(I am also eagerly awaiting Eero as a domestic best of breed device with amazing custom firmware, and have one pre-ordered, but it hasn't shipped yet.)
Download and install the latest firmware. Ideally, do this before connecting the device to the Internet. But if you connect and then immediately use the firmware auto-update feature, who am I to judge you.
Change the default admin passwords. Don't leave it at the documented defaults, because then it could be potentially scripted and accessed.
Turn off WPS. Turns out the Wi-Fi Protected Setup feature intended to make it "easy" to connect to a router by pressing a button or entering a PIN made it … a bit too easy. This is always on by default, so be sure to disable it.
Turn off uPNP. Since we're talking about attacks that come from "inside your house", uPNP offers zero protection as it has no method of authentication. If you need it for specific apps, you'll find out, and you can forward those ports manually as needed.
Make sure remote administration is turned off. I've never owned a router that had this on by default, but check just to be double plus sure.
For Wifi, turn on WPA2+AES and use a long, strong password. Again, I feel most modern routers get the defaults right these days, but just check. The password is your responsibility, and password strength matters tremendously for wireless security, so be sure to make it a long one – at least 20 characters with all the variability you can muster.
Pick a unique SSID. Default SSIDs just scream hack me, for I have all defaults and a clueless owner. And no, don't bother "hiding" your SSID, it's a waste of time.
Optional: use less congested channels for WiFi. The default is "auto", but you can sometimes get better performance by picking less used frequencies at the ends of the spectrum. As summarized by official ASUS support reps:
Set 2.4 GHz channel bandwidth to 40 MHz, and change the control channel to 1, 6 or 11.
Set 5 GHz channel bandwidth to 80 MHz, and change the control channel to 165 or 161.
Experts only: install an open source firmware. I discussed this a fair bit in Everyone Needs a Router, but you have to be very careful which router model you buy, and you'll probably need to stick with older models. There are several which are specifically sold to be friendly to open source firmware.
Outside Your Home
Well, this one is simple. Assume everything you do outside your home, on a remote network or over WiFi is being monitored by IBGs: Internet Bad Guys.
I know, kind of an oppressive way to voyage out into the world, but it's better to start out with a defensive mindset, because you could be connecting to anyone's compromised router or network out there.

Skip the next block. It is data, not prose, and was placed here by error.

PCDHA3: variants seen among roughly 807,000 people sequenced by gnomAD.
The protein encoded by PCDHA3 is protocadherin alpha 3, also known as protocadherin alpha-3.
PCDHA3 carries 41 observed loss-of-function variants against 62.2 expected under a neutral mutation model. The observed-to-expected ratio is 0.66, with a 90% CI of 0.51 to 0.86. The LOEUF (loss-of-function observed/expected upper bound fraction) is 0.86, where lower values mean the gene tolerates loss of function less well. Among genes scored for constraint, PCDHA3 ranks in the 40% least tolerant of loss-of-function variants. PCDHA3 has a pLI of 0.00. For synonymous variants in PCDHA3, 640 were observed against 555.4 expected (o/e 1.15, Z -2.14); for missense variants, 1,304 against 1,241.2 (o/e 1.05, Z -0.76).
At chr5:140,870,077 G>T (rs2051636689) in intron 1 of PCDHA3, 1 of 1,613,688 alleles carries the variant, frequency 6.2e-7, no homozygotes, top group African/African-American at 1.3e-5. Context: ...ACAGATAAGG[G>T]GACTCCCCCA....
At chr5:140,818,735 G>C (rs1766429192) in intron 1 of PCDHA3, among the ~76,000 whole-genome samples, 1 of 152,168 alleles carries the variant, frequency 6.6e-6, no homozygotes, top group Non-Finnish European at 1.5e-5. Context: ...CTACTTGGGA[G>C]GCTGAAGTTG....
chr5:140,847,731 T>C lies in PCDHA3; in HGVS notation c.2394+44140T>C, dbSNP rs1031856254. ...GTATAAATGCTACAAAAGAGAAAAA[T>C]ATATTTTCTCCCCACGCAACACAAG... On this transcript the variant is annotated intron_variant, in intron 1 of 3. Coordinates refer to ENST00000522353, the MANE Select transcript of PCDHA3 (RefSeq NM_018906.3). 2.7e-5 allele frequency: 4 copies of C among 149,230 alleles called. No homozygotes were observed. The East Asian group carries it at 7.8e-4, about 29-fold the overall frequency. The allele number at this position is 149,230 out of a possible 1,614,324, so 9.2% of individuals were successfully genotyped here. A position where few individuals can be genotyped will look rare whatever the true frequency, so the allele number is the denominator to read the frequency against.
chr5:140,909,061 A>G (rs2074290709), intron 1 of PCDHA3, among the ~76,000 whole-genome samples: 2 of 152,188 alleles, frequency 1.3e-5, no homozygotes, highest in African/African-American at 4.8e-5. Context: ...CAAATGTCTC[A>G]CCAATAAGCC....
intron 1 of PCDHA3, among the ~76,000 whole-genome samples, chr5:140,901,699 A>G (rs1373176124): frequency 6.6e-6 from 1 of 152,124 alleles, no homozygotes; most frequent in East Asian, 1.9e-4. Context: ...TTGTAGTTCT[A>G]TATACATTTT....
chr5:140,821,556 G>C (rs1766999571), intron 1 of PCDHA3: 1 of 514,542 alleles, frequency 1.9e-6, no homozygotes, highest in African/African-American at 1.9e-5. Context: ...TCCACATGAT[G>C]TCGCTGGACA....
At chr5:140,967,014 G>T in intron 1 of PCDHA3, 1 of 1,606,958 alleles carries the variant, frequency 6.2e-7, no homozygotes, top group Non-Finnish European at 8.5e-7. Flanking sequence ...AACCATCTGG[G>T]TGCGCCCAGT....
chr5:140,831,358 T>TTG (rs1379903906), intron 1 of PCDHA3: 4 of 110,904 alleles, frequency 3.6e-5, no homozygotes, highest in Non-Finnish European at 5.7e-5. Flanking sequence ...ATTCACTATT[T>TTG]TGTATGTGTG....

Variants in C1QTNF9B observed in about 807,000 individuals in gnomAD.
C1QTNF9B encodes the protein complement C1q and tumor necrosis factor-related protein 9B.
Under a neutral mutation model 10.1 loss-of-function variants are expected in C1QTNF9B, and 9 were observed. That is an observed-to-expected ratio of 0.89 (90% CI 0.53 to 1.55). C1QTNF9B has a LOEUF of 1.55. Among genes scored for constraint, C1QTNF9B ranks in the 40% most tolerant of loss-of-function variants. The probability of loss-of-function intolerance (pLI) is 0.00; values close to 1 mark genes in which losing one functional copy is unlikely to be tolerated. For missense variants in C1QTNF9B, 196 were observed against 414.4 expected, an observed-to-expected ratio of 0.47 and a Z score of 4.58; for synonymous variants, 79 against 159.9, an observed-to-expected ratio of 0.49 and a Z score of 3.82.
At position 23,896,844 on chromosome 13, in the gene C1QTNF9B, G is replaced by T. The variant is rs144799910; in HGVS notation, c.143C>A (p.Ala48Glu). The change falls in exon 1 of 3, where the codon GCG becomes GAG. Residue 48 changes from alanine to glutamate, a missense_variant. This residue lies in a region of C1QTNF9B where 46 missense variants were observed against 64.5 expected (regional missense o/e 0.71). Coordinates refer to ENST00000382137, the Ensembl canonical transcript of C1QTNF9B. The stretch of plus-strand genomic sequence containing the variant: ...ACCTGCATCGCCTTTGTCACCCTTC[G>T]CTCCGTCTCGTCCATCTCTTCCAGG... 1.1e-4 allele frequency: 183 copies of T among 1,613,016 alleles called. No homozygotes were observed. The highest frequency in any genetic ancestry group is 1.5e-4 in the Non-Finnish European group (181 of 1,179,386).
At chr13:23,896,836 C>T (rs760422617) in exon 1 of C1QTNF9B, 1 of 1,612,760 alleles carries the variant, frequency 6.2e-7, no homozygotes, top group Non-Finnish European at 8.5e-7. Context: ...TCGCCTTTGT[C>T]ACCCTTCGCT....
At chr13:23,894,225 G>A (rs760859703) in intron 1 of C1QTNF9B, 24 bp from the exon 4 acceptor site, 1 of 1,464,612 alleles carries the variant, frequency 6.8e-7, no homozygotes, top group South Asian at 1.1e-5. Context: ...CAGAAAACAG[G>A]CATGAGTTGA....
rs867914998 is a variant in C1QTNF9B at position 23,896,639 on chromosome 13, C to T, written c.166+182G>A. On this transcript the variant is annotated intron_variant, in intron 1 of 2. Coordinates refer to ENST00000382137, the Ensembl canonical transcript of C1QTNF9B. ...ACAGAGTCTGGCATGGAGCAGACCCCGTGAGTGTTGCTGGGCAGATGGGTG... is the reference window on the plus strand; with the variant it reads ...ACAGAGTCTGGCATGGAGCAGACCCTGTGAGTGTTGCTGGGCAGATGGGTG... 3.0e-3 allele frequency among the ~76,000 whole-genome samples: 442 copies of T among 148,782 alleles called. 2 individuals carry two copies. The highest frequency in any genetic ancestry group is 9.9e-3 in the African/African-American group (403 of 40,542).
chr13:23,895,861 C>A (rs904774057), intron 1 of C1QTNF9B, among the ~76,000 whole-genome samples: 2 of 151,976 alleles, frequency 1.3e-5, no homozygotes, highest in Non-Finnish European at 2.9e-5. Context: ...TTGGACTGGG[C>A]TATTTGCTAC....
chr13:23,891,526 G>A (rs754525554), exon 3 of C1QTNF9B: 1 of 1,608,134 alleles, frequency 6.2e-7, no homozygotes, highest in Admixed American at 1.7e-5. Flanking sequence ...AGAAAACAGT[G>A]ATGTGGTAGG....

But, good news. There are only two key things you need to remember once you're outside, facing down that fiery ball of hell in the sky and armies of IBGs.
Never access anything but HTTPS websites.
If it isn't available over HTTPS, don't go there!
You might be OK with HTTP if you are not logging in to the website, just browsing it, but even then IBGs could inject malware in the page and potentially compromise your device. And never, ever enter anything over HTTP you aren't 100% comfortable with bad guys seeing and using against you somehow.
We've made tremendous progress in HTTPS Everywhere over the last 5 years, and these days most major websites offer (or even better, force) HTTPS access. So if you just want to quickly check your GMail or Facebook or Twitter, you will be fine, because those services all force HTTPS.
If you must access non-HTTPS websites, or you are not sure, always use a VPN.
A VPN encrypts all your traffic, so you no longer have to worry about using HTTPS. You do have to worry about whether or not you trust your VPN provider, but that's a much longer discussion than I want to get into right now.
It's a good idea to pick a go-to VPN provider so you have one ready and get used to how it works over time. Initially it will feel like a bunch of extra work, and it kinda is, but if you care about your security an encrypt-everything VPN is bedrock. And if you don't care about your security, well, why are you even reading this?
If it feels like these are both variants of the same rule, always strongly encrypt everything, you aren't wrong. That's the way things are headed. The math is as sound as it ever was – but unfortunately the people and devices, less so.
Be Safe Out There
Until I heard Damien's story and John's story, I had no idea router hardware could be such a huge point of compromise. I didn't realize that you could be innocently visiting a friend's house, and because he happens to be the parent of three teenage boys and the owner of an old, unsecured router that you connect to via WiFi … your life will suddenly get a lot more complicated.
As the amount of stuff we connect to the Internet grows, we have to understand that the Internet of Things is a bunch of tiny, powerful computers, too – and they need the same strong attention to security that our smartphones, laptops, and servers already enjoy.